If you see a bat in your home and you are sure no human or pet exposure has occurred, confine the bat to a room by closing all doors and windows leading out of the room except those to the outside. The bat will probably leave soon. If not, it can be caught, as described below, and released outdoors away from people and pets.
However, if there is any question of exposure, leave the bat alone and call animal control or a wildlife conservation agency for assistance. If professional assistance is unavailable, use precautions to capture the bat safely. What you will need:
When the bat lands, approach it slowly and place a box or coffee can over it. Slide the cardboard under the container to trap the bat inside. Tape the cardboard to the container securely. Contact your health department or animal control authority to make arrangements for rabies testing.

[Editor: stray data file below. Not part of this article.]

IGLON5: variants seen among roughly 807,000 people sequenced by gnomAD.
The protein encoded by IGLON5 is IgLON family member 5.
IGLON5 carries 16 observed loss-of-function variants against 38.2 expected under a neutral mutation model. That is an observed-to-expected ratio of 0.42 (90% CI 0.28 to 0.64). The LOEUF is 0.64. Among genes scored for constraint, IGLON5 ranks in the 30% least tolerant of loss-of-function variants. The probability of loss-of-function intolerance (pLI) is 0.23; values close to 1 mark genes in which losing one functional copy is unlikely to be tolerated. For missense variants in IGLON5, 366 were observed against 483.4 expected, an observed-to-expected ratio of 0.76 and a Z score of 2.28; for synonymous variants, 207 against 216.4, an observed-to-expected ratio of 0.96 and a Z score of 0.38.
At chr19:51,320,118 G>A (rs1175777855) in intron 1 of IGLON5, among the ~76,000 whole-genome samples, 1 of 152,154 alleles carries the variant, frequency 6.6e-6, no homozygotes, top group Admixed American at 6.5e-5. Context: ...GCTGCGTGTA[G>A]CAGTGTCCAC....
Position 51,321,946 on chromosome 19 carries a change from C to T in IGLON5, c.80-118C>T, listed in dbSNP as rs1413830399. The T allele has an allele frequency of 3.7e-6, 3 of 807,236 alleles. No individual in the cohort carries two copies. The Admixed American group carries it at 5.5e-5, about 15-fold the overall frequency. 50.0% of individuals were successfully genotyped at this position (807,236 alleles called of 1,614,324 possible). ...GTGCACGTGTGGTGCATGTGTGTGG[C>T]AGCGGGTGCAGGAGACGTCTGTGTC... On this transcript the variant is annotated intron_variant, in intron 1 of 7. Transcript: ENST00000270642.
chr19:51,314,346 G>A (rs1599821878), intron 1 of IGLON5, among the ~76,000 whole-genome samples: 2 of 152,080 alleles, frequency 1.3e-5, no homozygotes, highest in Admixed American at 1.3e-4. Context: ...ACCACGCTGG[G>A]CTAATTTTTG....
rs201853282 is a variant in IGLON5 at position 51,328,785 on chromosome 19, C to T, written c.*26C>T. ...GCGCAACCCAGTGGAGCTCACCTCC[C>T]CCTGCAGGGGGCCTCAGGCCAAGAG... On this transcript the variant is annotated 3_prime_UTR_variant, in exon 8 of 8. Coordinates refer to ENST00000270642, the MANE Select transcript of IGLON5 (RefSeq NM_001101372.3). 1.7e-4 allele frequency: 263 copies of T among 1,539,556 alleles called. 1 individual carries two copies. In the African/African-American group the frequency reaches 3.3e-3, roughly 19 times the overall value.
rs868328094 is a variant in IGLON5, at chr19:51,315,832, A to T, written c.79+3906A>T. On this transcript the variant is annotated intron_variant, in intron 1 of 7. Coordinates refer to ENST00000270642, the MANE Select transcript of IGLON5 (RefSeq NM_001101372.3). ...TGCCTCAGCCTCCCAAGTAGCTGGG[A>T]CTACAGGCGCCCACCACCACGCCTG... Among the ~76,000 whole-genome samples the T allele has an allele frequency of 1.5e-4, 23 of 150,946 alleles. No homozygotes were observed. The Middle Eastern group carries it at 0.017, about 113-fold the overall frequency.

Rabies can be confirmed only in a laboratory. However, any bat that is active by day, is found in a place where bats are not usually seen (for example in rooms in your home or on the lawn), or is unable to fly, is far more likely than others to be rabid. Such bats are often the most easily approached. Therefore, it is best never to handle any bat.
Generally held the last Saturday in October. For 2021, with the assistance of Dr. Skinner from Hartfield Animal Hospital, Tri-Rivers Health District, and the Middlesex County Treasurers Office, the County will be hosting a drive-through Rabies Vaccination Clinic on October 30th from 8am-10am at the Middlesex County Courthouse.
This will allow you to have your animal vaccinated and to obtain your county dog/kennel license. Email Cpl. R.T. Hirtz at firstname.lastname@example.org with the number of dogs you intend to bring, or call the Middlesex Sheriff’s Office and leave message for Cpl. Hirtz at 804-758-2779 with the same information. This is to ensure that we have enough vaccinations available. Cost is $10.00 for dogs and $17.00 for cats.